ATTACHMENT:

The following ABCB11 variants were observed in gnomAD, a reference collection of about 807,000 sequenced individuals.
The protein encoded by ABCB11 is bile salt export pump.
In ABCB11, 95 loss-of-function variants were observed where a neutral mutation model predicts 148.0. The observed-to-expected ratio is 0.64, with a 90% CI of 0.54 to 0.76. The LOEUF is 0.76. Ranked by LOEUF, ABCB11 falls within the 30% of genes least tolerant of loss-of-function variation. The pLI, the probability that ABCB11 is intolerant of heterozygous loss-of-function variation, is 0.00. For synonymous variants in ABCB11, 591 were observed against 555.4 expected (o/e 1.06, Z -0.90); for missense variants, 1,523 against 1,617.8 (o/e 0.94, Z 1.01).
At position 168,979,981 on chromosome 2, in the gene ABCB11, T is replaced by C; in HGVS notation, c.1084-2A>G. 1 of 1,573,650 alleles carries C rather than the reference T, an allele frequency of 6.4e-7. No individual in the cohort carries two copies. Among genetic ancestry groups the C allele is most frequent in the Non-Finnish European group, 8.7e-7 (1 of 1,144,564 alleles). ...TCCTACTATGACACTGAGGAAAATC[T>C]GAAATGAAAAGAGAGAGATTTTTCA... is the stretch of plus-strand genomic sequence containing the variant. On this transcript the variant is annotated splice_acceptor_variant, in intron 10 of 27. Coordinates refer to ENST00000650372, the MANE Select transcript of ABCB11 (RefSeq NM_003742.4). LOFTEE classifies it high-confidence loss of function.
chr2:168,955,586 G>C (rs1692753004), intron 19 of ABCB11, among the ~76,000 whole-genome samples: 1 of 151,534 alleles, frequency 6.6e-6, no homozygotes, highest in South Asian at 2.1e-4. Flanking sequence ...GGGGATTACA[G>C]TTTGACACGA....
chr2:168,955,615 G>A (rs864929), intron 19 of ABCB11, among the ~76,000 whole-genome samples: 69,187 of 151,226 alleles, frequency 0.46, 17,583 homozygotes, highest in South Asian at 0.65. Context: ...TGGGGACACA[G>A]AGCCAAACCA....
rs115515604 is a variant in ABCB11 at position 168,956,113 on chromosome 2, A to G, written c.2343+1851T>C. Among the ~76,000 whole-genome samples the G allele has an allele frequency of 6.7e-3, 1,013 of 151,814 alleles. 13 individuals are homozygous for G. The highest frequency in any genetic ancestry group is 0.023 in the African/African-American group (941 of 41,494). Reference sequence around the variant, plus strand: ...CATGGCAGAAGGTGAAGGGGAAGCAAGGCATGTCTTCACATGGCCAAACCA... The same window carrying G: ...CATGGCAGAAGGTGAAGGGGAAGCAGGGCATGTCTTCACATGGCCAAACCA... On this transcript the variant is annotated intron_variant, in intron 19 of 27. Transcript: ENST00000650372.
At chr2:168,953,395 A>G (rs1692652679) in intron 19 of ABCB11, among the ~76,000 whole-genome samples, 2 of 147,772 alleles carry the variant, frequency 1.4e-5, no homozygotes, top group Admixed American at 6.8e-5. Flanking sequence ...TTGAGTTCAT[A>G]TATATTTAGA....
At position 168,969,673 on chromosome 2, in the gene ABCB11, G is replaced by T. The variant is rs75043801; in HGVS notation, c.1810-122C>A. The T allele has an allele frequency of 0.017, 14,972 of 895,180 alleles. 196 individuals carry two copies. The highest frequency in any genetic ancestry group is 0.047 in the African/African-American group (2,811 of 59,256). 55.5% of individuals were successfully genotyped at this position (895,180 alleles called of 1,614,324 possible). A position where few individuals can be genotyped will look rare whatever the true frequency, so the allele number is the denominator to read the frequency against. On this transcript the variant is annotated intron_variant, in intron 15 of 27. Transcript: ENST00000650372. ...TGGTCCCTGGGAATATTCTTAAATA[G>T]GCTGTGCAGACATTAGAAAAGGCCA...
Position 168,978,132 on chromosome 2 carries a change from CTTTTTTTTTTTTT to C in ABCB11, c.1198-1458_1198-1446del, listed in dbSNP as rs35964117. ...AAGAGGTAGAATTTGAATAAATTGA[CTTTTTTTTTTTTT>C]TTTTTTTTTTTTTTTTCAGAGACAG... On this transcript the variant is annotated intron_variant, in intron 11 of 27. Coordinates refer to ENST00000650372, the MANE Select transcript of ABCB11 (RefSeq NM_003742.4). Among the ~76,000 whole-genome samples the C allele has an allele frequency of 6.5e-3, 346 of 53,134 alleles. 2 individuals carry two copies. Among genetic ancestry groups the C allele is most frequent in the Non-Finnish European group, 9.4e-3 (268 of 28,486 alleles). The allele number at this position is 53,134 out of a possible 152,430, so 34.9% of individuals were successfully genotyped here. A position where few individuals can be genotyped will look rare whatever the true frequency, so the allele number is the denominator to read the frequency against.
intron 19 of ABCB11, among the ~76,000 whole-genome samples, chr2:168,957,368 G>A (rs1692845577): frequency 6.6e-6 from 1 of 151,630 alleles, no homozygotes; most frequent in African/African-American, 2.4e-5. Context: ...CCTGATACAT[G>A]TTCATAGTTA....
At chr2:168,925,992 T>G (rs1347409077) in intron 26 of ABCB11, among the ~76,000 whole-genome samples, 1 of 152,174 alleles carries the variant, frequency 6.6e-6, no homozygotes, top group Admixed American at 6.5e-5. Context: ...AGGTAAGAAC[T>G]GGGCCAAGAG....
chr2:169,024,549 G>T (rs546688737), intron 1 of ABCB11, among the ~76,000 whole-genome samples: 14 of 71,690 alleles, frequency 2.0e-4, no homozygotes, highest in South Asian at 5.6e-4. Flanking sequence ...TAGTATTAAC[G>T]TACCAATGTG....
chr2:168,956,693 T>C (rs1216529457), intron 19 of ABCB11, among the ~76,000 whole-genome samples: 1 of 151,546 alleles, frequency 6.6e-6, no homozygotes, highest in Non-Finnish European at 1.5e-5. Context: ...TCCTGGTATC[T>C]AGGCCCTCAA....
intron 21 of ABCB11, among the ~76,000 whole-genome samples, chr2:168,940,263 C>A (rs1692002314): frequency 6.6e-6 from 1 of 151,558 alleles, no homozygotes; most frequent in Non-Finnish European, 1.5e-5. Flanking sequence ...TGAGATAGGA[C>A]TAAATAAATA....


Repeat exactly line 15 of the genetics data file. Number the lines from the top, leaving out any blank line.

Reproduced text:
intron 21 of ABCB11, among the ~76,000 whole-genome samples, chr2:168,940,263 C>A (rs1692002314): frequency 6.6e-6 from 1 of 151,558 alleles, no homozygotes; most frequent in Non-Finnish European, 1.5e-5. Flanking sequence ...TGAGATAGGA[C>A]TAAATAAATA....